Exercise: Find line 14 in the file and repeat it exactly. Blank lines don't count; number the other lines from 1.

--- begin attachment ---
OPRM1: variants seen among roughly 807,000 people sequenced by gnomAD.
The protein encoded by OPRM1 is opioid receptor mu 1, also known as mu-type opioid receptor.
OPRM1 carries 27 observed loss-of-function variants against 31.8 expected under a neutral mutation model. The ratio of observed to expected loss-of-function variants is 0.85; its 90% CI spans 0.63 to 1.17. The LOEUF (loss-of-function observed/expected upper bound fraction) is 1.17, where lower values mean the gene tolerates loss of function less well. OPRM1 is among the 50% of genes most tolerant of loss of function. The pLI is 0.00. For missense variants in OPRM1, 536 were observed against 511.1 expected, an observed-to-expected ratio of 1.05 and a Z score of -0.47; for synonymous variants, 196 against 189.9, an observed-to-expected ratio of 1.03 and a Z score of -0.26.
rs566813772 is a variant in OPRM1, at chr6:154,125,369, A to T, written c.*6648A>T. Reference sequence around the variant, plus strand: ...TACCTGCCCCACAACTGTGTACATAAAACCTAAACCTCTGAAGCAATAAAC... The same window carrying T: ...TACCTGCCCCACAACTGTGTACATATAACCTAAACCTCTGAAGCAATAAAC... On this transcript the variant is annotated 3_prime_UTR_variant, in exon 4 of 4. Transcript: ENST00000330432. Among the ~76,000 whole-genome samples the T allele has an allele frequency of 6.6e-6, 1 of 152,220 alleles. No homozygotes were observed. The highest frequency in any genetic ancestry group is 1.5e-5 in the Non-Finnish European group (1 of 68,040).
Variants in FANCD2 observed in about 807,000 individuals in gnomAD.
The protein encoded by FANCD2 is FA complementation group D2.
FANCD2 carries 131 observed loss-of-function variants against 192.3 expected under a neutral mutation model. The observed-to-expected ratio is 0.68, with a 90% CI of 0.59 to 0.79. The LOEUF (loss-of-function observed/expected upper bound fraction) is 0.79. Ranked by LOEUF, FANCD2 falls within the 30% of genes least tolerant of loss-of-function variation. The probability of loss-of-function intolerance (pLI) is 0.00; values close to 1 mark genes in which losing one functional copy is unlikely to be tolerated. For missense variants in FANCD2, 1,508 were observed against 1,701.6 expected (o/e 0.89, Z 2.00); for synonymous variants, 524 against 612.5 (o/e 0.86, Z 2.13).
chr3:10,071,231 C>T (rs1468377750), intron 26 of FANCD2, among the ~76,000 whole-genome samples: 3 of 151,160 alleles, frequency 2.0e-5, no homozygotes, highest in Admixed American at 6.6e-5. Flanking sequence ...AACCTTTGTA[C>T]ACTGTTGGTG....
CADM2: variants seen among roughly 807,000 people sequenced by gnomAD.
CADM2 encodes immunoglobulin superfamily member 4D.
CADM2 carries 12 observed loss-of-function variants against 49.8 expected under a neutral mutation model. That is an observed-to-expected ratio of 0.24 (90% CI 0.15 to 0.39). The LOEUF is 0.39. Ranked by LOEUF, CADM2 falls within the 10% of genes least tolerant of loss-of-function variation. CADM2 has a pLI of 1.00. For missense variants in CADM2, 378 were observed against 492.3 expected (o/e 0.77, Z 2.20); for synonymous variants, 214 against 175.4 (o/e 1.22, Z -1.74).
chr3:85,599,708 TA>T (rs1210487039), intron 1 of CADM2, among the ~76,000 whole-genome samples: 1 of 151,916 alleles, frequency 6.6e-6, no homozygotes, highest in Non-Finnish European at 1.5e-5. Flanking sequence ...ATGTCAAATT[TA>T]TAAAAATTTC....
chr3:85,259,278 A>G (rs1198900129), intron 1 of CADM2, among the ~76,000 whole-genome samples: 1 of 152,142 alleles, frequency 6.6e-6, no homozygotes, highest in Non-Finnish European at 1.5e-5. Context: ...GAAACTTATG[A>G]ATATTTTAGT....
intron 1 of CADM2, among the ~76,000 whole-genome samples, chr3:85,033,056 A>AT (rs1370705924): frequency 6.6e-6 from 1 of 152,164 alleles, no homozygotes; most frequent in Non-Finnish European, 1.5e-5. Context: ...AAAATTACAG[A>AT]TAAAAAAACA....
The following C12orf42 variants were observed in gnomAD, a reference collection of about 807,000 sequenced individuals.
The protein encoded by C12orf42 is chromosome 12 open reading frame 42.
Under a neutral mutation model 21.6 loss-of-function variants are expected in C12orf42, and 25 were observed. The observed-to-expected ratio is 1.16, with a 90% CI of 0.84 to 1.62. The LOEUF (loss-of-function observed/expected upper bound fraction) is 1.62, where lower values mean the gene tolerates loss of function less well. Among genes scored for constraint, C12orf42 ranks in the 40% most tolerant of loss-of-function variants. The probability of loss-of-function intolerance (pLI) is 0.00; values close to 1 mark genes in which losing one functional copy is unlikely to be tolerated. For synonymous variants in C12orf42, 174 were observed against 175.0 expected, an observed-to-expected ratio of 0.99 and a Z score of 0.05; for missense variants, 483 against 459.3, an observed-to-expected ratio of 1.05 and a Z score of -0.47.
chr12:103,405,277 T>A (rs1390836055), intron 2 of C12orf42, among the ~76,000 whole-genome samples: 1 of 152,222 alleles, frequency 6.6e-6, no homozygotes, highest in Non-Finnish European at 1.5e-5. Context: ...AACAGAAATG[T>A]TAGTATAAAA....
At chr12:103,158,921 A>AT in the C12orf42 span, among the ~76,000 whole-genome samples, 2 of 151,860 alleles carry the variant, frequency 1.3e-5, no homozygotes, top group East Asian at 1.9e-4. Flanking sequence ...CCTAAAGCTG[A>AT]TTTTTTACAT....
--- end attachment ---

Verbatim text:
intron 1 of CADM2, among the ~76,000 whole-genome samples, chr3:85,033,056 A>AT (rs1370705924): frequency 6.6e-6 from 1 of 152,164 alleles, no homozygotes; most frequent in Non-Finnish European, 1.5e-5. Context: ...AAAATTACAG[A>AT]TAAAAAAACA....